Here's a fitness rule you shouldn't follow: "Never skip a workout."
Forcing yourself to stick with an extreme program that tells you to "never, ever deviate" (we're looking at you, restrictive diets and aggressive fitness plans) isn’t sustainable. And, at R29 Wellness, we believe that living healthfully and staying active is a lifestyle — not just a month-long commitment.
With any regular training program, you should be taking one to two days off per week to allow your body to recover, explains performance coach and exercise physiologist Pete McCall. This helps prevent burnout and ward off injuries by giving your muscles time to heal. As McCall points out, a rest day doesn’t have to mean spending hours on your couch; you can recover actively by taking a low-intensity walk or scheduling a restorative yoga class.
But, there are times when doing nothing at all is your best bet for mental and physical health. (Unfortunately, having just bought a bottle of wine doesn’t quite make the cut.) Ahead, five common scenarios where sleeping in (and/or eating the damn cookie) will leave you more refreshed and energized than pushing through your regularly scheduled sweat session would.
Want even more R29? Get the latest news, tips, and can't-resist stories delivered straight to your newsfeed, in real time.
Sleep and exercise have a delicate, sometimes tumultuous relationship. Studies have shown that regularly working up a sweat improves sleep quality over time. But, you need to clock the recommended seven-plus hours per night in order to reap those benefits.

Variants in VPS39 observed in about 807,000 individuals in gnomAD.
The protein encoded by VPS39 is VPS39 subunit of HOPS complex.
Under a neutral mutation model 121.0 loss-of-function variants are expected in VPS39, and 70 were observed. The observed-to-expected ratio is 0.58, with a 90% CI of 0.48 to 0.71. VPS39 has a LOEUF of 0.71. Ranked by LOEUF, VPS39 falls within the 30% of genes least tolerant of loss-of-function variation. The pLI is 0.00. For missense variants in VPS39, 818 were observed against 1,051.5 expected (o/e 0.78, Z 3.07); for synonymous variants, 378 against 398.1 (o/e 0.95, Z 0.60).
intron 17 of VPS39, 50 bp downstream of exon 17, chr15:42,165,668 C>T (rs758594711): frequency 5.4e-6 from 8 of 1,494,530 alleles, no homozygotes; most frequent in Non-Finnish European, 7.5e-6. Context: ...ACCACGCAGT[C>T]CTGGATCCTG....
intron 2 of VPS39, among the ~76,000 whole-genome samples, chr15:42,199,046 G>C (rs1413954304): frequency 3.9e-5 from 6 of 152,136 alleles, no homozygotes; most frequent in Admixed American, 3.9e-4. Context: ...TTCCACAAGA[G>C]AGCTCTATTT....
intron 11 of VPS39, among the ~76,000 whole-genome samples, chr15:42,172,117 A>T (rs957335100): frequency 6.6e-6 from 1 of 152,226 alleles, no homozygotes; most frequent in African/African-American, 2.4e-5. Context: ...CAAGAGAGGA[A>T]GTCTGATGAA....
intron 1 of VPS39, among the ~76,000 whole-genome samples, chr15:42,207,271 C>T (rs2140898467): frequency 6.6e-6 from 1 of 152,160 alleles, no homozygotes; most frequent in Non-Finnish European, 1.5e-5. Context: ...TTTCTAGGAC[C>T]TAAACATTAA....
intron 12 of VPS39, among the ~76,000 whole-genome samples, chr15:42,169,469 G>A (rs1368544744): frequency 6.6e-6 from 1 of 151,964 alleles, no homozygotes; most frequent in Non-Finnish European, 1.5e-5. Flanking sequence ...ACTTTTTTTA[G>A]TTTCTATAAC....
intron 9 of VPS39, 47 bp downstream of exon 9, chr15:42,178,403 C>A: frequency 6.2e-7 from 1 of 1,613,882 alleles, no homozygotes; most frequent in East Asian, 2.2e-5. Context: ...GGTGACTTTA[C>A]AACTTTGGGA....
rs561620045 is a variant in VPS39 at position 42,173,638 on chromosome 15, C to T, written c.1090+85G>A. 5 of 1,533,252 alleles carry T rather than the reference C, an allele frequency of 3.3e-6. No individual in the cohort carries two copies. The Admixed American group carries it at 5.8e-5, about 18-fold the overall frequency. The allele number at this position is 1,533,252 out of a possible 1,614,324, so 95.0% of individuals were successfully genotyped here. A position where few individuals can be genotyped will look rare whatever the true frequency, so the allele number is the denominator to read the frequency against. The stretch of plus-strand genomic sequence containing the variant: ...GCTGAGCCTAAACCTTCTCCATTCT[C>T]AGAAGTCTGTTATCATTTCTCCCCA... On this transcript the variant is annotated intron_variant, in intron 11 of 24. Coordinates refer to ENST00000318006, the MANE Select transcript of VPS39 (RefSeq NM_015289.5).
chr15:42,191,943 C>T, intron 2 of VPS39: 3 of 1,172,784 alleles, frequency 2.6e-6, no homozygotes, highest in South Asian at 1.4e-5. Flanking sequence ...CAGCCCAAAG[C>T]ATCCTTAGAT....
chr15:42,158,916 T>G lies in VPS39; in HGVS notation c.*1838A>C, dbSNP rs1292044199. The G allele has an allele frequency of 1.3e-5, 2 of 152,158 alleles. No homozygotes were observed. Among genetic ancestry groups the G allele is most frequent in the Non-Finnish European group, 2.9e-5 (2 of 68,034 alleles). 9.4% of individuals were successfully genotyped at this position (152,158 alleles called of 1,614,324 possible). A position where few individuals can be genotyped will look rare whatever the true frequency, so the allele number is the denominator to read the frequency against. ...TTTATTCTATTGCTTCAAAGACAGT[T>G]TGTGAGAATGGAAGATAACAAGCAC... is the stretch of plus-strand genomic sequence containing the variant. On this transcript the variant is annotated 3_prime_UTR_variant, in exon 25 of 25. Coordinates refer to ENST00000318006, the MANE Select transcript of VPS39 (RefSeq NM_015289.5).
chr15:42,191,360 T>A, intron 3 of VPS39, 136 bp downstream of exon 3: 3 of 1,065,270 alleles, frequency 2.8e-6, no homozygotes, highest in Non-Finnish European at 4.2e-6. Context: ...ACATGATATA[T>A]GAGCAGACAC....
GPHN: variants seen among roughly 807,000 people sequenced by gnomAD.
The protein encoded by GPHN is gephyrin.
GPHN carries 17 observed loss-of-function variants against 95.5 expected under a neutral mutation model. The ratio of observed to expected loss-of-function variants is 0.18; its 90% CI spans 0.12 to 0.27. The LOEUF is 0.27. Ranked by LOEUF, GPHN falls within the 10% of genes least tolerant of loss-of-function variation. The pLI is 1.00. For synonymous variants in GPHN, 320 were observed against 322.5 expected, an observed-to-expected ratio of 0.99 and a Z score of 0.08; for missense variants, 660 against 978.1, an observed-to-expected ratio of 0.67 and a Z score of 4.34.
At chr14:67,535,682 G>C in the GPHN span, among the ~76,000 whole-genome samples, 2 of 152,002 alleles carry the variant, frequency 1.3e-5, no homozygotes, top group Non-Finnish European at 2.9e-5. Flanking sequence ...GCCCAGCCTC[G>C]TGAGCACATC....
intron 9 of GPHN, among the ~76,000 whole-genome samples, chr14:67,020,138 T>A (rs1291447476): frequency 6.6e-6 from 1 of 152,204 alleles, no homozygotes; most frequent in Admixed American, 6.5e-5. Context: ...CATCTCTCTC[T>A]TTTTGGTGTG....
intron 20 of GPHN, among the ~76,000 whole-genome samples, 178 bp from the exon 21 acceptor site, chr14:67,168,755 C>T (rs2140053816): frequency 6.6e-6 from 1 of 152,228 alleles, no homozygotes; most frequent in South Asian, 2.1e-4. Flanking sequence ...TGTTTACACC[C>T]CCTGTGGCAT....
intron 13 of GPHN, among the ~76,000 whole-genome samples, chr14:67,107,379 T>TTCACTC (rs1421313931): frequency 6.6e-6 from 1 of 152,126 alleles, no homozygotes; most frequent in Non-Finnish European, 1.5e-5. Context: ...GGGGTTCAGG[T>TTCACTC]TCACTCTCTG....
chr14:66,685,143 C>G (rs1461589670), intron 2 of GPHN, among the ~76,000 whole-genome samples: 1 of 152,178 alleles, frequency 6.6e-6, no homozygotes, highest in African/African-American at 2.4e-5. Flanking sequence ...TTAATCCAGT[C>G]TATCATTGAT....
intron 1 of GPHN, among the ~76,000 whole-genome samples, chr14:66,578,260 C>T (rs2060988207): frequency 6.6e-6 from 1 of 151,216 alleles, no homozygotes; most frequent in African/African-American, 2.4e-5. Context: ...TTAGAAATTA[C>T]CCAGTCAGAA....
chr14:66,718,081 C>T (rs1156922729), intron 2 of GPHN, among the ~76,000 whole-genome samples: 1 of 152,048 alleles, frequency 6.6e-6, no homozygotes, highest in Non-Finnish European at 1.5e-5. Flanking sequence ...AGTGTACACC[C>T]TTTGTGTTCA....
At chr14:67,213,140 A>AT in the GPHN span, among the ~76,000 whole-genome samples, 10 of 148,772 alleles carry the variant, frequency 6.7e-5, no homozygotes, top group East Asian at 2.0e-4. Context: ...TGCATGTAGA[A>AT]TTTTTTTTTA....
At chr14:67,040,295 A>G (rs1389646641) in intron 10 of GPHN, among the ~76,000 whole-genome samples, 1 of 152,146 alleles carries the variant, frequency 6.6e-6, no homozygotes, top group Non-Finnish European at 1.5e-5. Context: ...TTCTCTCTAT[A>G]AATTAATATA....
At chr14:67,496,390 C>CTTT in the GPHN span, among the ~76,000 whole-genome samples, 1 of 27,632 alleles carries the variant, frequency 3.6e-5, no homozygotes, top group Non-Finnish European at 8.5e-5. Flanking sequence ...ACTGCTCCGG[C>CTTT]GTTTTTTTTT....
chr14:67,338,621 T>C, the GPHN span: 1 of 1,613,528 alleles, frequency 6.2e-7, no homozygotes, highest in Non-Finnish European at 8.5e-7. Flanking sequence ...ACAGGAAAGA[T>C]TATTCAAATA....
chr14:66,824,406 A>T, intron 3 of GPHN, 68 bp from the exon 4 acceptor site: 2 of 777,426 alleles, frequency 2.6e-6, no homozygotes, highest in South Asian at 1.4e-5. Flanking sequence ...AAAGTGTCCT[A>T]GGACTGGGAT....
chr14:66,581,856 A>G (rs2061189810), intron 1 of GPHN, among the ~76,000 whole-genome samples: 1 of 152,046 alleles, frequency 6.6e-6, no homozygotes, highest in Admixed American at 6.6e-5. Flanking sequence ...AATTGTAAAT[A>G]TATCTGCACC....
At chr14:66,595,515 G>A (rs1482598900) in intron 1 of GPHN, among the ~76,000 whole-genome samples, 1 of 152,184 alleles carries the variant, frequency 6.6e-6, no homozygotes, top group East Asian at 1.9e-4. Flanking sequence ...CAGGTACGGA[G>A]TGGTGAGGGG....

“If you skimped on sleep a few nights in a row and feel like you’re dragging, go ahead and take the nap instead of forcing yourself to work out,” says McCall. Sleep is when your body repairs and resets itself, restoring hormone levels and repairing muscle tissue. “Exercising on top of exhaustion and extreme fatigue will cause additional stress for your body,” he explains.
An interesting study published last fall in the Journal of Clinical Sleep Medicine looked at women suffering from insomnia who did 30 minutes of aerobic exercise three times per week. While exercise has been previously linked to improving sleep quality among insomniacs, the researchers found that insufficient sleep influenced the participants' next-day exercise — instead of the other way around. After a poor night’s slumber, the women tended to shorten their workouts.
If you train when you’re really, truly exhausted, you’re not going to have a great workout. And, you’re increasing your risk of injury by pushing too hard when your mind and body aren’t completely focused on what you're doing, explains McCall. Rest is essential to any exercise program, so if you’re totally wiped out, enjoying an extra day of recovery is better than logging a “meh” workout.
Regular exercise has been linked to warding off colds by boosting your immune system. But, if you've already got the sniffles, it’s OK to skip your workout to recuperate. “Give your body the time it needs to heal,” McCall says. “The stress of working out can wreak havoc on a weakened immune system, so allow your body to do it’s job and focus its energy on fighting the illness.” Plus, bringing germs into the gym is just bad mojo.
If you're really torn about ditching a previously booked class, follow the "neck rule” — if your symptoms are above the neck only, it’s OK to stick with your workout. If they manifest below, however, wait until you’re fully recovered before heading to the gym. And, always use common sense; you know when your body is just not having it.
Choosing to skip a workout because of a headache, however, is completely personal. “[For some people], exercise will exacerbate symptoms," explains McCall, "whereas light exercise can help others.” Of course, if you're working out while under the weather, you should proceed with caution, scaling back your intensity and effort. What's the American Council on Exercise's recommendation for a sniffle-proof activity? Moderate walking.